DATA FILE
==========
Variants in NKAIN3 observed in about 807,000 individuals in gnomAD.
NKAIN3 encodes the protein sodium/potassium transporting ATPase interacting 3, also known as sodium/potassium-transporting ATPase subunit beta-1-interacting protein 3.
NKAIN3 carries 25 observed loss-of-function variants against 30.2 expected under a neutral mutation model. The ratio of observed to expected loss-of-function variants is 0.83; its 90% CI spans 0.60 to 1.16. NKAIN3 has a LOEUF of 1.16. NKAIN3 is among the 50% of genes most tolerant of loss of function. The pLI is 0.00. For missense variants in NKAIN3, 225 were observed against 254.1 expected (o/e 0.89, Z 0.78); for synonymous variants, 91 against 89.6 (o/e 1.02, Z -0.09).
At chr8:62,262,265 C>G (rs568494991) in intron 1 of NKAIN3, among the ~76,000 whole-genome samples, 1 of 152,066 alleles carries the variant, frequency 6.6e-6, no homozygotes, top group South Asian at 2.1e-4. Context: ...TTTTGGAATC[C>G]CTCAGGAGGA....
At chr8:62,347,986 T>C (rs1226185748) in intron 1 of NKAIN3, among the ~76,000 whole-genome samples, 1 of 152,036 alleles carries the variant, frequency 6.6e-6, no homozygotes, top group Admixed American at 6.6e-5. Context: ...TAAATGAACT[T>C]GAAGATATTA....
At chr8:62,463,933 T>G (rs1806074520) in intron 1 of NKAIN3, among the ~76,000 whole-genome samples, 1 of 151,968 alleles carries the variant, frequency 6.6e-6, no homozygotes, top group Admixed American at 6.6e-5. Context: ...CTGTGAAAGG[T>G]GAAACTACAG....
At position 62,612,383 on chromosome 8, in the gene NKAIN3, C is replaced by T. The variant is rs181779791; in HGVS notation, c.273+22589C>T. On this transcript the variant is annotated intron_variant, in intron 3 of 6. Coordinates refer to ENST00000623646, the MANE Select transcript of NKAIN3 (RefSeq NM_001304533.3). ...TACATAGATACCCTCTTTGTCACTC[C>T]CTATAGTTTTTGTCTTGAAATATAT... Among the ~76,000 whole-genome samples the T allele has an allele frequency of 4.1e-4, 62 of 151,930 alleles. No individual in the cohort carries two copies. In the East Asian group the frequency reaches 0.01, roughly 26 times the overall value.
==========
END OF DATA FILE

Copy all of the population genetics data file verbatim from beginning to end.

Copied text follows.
Variants in NKAIN3 observed in about 807,000 individuals in gnomAD.
NKAIN3 encodes the protein sodium/potassium transporting ATPase interacting 3, also known as sodium/potassium-transporting ATPase subunit beta-1-interacting protein 3.
NKAIN3 carries 25 observed loss-of-function variants against 30.2 expected under a neutral mutation model. The ratio of observed to expected loss-of-function variants is 0.83; its 90% CI spans 0.60 to 1.16. NKAIN3 has a LOEUF of 1.16. NKAIN3 is among the 50% of genes most tolerant of loss of function. The pLI is 0.00. For missense variants in NKAIN3, 225 were observed against 254.1 expected (o/e 0.89, Z 0.78); for synonymous variants, 91 against 89.6 (o/e 1.02, Z -0.09).
At chr8:62,262,265 C>G (rs568494991) in intron 1 of NKAIN3, among the ~76,000 whole-genome samples, 1 of 152,066 alleles carries the variant, frequency 6.6e-6, no homozygotes, top group South Asian at 2.1e-4. Context: ...TTTTGGAATC[C>G]CTCAGGAGGA....
At chr8:62,347,986 T>C (rs1226185748) in intron 1 of NKAIN3, among the ~76,000 whole-genome samples, 1 of 152,036 alleles carries the variant, frequency 6.6e-6, no homozygotes, top group Admixed American at 6.6e-5. Context: ...TAAATGAACT[T>C]GAAGATATTA....
At chr8:62,463,933 T>G (rs1806074520) in intron 1 of NKAIN3, among the ~76,000 whole-genome samples, 1 of 151,968 alleles carries the variant, frequency 6.6e-6, no homozygotes, top group Admixed American at 6.6e-5. Context: ...CTGTGAAAGG[T>G]GAAACTACAG....
At position 62,612,383 on chromosome 8, in the gene NKAIN3, C is replaced by T. The variant is rs181779791; in HGVS notation, c.273+22589C>T. On this transcript the variant is annotated intron_variant, in intron 3 of 6. Coordinates refer to ENST00000623646, the MANE Select transcript of NKAIN3 (RefSeq NM_001304533.3). ...TACATAGATACCCTCTTTGTCACTC[C>T]CTATAGTTTTTGTCTTGAAATATAT... Among the ~76,000 whole-genome samples the T allele has an allele frequency of 4.1e-4, 62 of 151,930 alleles. No individual in the cohort carries two copies. In the East Asian group the frequency reaches 0.01, roughly 26 times the overall value.